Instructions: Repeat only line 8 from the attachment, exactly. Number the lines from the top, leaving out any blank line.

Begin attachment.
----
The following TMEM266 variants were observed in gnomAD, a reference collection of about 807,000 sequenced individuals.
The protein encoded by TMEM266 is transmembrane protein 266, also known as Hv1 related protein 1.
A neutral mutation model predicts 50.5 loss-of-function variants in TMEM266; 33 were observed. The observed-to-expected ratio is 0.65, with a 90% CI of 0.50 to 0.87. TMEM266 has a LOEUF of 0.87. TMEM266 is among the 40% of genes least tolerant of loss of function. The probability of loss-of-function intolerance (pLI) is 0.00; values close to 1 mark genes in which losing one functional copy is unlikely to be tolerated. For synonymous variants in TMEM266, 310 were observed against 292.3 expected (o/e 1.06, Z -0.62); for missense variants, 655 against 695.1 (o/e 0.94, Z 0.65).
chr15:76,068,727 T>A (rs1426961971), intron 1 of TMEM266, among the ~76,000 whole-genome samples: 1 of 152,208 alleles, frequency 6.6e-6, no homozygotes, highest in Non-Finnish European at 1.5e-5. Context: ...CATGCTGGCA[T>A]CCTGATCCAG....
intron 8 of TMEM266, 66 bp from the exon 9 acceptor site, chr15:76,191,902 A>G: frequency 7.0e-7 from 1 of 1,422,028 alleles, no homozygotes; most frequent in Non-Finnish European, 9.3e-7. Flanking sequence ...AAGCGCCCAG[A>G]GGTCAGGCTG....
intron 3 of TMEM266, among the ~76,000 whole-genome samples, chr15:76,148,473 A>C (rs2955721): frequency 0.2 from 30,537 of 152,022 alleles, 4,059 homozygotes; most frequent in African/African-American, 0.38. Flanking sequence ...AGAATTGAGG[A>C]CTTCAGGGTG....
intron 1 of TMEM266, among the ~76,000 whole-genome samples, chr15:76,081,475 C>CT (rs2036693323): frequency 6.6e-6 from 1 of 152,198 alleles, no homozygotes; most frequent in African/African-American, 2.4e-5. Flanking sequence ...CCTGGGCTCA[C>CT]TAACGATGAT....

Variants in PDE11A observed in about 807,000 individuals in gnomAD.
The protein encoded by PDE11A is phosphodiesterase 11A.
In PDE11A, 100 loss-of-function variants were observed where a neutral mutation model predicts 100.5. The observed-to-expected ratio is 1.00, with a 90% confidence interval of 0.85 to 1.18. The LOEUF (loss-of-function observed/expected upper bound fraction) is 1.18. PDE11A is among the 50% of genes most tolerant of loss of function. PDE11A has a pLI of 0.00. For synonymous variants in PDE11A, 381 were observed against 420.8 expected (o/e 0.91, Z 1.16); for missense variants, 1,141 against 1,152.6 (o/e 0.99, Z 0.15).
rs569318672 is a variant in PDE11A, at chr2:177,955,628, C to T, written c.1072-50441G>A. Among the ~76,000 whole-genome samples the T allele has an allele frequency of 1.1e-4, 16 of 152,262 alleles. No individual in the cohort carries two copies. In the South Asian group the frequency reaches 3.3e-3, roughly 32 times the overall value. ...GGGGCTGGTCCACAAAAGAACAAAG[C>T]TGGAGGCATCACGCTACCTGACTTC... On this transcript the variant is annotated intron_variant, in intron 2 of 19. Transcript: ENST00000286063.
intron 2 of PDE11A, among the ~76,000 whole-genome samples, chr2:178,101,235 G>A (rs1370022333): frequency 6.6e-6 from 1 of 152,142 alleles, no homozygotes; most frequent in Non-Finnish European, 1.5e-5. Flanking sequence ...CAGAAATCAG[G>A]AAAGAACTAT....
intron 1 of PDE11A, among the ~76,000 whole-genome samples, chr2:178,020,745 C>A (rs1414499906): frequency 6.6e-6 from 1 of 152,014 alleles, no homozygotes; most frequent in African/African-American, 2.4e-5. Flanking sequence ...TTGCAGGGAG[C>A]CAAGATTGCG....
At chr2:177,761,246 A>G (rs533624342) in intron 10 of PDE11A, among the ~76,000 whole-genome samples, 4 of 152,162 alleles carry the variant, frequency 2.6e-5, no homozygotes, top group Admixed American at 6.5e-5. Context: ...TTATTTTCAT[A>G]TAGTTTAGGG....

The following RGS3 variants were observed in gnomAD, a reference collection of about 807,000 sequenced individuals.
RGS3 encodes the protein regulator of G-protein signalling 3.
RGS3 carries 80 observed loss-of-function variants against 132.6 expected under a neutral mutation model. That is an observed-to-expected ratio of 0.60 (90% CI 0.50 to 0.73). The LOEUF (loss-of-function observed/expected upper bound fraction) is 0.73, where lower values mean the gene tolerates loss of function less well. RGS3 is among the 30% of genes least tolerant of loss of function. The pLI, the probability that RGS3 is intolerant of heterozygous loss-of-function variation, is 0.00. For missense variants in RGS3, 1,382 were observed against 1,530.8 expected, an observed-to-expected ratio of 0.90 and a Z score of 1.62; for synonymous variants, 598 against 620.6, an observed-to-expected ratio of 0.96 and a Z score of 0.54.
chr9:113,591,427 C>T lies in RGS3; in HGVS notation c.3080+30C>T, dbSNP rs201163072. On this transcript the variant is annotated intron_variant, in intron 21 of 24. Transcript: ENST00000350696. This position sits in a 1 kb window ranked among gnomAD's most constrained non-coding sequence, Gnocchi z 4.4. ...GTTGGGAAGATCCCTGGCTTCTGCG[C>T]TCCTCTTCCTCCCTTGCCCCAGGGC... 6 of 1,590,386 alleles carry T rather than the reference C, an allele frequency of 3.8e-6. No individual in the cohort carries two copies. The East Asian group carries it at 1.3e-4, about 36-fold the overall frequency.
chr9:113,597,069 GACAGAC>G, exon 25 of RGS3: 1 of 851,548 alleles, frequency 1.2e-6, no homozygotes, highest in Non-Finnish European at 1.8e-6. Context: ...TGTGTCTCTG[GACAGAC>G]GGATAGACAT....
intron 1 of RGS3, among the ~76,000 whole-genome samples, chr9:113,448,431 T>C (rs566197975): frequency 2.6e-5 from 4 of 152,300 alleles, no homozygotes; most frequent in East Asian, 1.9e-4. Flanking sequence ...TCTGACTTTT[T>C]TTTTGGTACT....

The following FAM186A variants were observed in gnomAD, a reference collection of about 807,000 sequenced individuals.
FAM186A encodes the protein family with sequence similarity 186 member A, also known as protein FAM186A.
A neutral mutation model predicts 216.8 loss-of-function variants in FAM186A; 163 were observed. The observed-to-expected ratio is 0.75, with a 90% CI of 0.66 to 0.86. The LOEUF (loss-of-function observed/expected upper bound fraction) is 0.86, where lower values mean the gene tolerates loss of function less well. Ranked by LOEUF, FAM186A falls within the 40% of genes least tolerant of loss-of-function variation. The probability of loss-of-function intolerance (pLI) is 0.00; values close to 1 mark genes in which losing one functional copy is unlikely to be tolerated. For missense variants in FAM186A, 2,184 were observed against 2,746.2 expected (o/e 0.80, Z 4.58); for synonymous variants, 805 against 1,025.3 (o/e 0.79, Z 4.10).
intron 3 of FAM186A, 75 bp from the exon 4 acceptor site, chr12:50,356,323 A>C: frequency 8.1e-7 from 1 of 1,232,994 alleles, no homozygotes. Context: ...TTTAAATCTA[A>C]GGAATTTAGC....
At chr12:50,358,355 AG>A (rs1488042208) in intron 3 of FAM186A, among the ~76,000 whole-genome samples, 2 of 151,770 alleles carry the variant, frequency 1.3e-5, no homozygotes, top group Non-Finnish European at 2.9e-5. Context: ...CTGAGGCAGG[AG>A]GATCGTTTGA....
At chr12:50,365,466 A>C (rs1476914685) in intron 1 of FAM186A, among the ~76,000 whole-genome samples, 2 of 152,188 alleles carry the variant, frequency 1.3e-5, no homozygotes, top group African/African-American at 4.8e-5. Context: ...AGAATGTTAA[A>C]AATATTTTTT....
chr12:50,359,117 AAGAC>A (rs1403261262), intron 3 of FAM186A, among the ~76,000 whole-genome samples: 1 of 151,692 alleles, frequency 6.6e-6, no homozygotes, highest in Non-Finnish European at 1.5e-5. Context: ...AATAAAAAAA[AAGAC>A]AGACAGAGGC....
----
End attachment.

Variants in PDE11A observed in about 807,000 individuals in gnomAD.